The Three S’s: Stillness, Silence, and Spaciousness

Brooke Binstock

By Brooke Binstock //

When the three of us; Kelly Lindsey, Marissa Knox and I got together to talk about what to center our August retreat at Shambhala Mountain Center around, we easily settled on the theme of Stillness, Silence, and Spaciousness (the three S’s).  In our incredibly busy world full of opportunities for distraction and a tendency to keep a very full, often overflowing schedule, this focus seems almost essential.

I’ll speak for myself as a small business owner and I’m certain my colleagues can agree, that unless I purposefully create space in my life, the plates will keep on spinning and the tasks will continue to stack up, often to the point of overwhelm or burn-out.  We must remind ourselves that there will never be that perfect moment in life where we can create space. It is something we must do intentionally.

I think part of why it is challenging to slow down and create space for ourselves is because of the demands that life naturally throws our way.  We need to make money, complete day-to-day tasks, and care for others. Not to mention social media, email and smartphones inundating our realities almost on a constant basis.  However, if we consider the deeper reality of why we stay in constant motion, it could be due to a deep discomfort with difficult emotions. We keep moving in order to avoid grief, loneliness anxiety or simply the very real struggle of being human.

This theme is nothing new.  In fact, stillness, silence and spaciousness have been explored throughout history and more specifically in the pre-Buddhist tradition known as Bön, an ancient shamanic tradition of Tibet.  According to honorable Bon teacher, Tenzin Wangyal Rinpoche, “The idea behind these three practices is to stop the pattern of reactive behavior and truly acknowledge the pain that is causing it. The pain itself is considered an entry point for inner exploration.” (http://www.thesacredscience.com/stillness-silence-spaciousness/).  In other words, we must first slow down in order to facilitate deeper healing.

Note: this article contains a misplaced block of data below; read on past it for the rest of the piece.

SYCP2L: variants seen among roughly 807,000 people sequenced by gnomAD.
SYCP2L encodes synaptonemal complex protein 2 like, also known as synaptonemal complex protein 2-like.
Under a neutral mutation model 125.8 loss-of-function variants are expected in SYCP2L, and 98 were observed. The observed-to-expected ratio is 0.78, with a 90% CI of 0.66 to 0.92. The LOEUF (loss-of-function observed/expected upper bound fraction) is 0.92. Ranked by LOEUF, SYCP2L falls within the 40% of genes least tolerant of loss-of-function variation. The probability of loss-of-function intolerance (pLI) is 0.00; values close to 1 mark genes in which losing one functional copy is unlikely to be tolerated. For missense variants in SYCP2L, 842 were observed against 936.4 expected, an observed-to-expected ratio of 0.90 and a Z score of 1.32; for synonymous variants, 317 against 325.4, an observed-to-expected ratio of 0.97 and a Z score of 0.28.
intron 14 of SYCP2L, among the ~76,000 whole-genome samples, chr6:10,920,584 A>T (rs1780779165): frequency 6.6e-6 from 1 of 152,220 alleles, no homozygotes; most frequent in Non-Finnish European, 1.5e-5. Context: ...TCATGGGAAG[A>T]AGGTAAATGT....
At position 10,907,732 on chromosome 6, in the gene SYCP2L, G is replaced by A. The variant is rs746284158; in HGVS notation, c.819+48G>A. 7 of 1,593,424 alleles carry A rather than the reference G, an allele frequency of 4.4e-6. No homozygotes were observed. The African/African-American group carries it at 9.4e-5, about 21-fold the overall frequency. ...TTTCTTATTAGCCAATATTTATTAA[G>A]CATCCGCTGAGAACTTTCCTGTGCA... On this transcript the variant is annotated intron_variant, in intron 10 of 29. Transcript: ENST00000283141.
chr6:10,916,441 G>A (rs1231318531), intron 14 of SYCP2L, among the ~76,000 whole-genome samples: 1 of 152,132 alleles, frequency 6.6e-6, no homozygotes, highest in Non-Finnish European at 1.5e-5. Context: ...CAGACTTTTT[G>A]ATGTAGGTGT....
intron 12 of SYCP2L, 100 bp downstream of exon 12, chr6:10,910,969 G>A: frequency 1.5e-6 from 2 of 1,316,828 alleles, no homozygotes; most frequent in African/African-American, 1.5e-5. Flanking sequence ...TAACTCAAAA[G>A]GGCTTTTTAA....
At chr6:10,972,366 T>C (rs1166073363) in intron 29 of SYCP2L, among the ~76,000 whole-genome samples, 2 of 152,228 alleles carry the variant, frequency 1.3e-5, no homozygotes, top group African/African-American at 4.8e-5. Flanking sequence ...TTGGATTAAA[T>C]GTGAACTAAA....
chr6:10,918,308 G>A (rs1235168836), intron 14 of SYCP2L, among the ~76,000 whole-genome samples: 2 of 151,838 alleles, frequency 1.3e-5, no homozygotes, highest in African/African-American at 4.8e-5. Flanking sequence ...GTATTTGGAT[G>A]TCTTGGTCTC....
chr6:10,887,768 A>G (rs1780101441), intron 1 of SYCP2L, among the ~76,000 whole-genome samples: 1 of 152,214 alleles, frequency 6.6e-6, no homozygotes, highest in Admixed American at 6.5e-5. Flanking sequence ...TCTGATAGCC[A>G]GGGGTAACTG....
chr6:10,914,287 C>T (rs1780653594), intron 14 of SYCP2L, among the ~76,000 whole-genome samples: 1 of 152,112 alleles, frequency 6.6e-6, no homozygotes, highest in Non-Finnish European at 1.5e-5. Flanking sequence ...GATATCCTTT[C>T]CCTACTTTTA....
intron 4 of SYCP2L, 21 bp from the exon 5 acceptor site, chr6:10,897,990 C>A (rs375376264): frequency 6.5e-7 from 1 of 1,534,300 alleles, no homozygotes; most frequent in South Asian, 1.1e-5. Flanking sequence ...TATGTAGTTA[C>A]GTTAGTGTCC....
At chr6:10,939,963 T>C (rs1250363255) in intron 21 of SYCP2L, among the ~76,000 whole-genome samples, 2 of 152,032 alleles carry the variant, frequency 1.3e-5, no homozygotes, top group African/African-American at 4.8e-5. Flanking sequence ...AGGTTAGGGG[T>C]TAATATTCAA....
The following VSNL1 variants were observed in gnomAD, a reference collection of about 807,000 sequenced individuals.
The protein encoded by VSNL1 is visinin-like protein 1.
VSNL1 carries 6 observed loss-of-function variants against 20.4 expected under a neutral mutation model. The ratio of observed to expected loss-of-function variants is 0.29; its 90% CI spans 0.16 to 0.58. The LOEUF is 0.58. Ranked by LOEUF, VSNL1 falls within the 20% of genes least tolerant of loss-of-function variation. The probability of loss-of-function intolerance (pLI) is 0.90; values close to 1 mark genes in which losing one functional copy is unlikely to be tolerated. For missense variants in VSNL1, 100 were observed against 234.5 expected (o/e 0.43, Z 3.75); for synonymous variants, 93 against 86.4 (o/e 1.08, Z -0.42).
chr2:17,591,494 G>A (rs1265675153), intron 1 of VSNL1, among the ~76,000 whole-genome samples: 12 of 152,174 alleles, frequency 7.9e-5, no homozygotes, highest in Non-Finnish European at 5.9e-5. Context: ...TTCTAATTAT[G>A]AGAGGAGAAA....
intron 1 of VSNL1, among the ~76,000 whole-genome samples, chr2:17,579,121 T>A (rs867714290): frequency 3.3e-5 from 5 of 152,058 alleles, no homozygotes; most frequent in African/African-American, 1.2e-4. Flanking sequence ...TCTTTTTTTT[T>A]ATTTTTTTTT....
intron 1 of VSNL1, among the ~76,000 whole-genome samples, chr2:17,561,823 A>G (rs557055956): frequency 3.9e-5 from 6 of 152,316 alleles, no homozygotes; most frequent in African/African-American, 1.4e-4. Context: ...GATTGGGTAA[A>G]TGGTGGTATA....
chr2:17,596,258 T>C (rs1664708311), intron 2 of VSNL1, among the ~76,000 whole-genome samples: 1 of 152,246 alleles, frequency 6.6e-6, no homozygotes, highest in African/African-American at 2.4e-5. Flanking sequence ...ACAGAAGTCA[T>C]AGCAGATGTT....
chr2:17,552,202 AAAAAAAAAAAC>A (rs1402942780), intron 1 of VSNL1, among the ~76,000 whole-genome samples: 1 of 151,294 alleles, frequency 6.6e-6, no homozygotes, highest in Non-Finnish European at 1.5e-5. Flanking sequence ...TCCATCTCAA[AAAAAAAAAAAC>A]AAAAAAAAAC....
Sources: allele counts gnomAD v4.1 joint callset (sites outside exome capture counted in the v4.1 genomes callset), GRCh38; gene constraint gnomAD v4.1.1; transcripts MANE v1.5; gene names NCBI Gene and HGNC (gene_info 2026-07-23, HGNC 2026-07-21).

Sometimes it is possible to carve out intentional space in our lives at home through the practice of meditation, mindfulness and setting boundaries with ourselves to prioritize self-care.  However, if the source of constant motion is difficult emotional energy, it can feel truly nourishing to enter a safe container of a retreat setting in community, so that we may feel supported enough to brave the realities of our shared humanity together.

Join us for Quiet Mind, Open Heart: Stillness, Silence, and Spaciousness with Kelly Lindsey, Marissa Knox and Brooke Binstock, August 13–17, 2018 at SMC — click here to learn more

About the Author

Brooke BinstockBrooke Binstock is a heart-centered solopreneur and owner of Open Circle Healing, an all encompassing wellness initiate where self-care and self-acceptance are the main pulse. In addition to teaching yoga and meditation, Brooke is also a Licensed Massage Therapist.


Featured image by Liz Moskowitz

1 Comment

  1. Carol Henderson says

    Hi Brooke,
    I’d love to reprint this piece in the Shambhala Times; please let me know if that would be OK with you.
    Carol Henderson
    Editor, Shambhala Times

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